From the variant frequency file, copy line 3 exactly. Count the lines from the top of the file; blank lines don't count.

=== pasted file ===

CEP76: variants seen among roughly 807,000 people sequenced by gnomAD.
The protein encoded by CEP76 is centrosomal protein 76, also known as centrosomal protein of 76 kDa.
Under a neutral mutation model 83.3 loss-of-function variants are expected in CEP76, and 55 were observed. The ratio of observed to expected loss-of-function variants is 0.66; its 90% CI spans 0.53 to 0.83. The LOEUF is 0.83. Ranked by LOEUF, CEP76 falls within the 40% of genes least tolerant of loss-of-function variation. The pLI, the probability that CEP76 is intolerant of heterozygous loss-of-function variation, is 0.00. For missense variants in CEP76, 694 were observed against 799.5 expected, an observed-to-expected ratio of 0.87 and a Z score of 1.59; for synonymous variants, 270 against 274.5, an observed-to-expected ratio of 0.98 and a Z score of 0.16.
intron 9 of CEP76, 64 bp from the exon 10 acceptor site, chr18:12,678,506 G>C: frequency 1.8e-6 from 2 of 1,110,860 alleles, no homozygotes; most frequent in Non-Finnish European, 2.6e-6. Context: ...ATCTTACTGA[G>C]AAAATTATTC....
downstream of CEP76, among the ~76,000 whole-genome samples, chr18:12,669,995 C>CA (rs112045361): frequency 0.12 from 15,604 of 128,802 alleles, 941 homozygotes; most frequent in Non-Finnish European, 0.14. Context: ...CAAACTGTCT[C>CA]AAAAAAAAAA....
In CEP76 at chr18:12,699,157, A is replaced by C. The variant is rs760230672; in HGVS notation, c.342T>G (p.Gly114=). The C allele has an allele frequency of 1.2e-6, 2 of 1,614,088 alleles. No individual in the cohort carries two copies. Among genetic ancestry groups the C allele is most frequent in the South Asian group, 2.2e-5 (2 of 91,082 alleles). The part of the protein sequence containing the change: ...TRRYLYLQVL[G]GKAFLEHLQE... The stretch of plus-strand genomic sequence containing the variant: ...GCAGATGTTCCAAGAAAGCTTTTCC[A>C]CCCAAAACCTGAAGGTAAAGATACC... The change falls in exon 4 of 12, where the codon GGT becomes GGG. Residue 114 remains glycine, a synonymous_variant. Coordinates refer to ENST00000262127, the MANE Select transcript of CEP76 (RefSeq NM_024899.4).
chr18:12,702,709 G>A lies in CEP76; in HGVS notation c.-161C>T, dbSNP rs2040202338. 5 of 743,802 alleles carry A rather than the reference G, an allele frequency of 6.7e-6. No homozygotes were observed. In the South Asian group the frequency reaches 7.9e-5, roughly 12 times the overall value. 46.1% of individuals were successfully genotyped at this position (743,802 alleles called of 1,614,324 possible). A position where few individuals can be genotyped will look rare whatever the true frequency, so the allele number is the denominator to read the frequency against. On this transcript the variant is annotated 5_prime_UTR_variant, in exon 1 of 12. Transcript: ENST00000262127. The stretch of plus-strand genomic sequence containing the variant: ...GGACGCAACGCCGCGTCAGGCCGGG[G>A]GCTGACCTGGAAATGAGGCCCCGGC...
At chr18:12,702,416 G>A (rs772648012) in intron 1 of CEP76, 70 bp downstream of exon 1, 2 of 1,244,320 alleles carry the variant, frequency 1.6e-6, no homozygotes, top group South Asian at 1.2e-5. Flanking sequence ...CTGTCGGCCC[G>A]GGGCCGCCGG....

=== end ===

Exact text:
Under a neutral mutation model 83.3 loss-of-function variants are expected in CEP76, and 55 were observed. The ratio of observed to expected loss-of-function variants is 0.66; its 90% CI spans 0.53 to 0.83. The LOEUF is 0.83. Ranked by LOEUF, CEP76 falls within the 40% of genes least tolerant of loss-of-function variation. The pLI, the probability that CEP76 is intolerant of heterozygous loss-of-function variation, is 0.00. For missense variants in CEP76, 694 were observed against 799.5 expected, an observed-to-expected ratio of 0.87 and a Z score of 1.59; for synonymous variants, 270 against 274.5, an observed-to-expected ratio of 0.98 and a Z score of 0.16.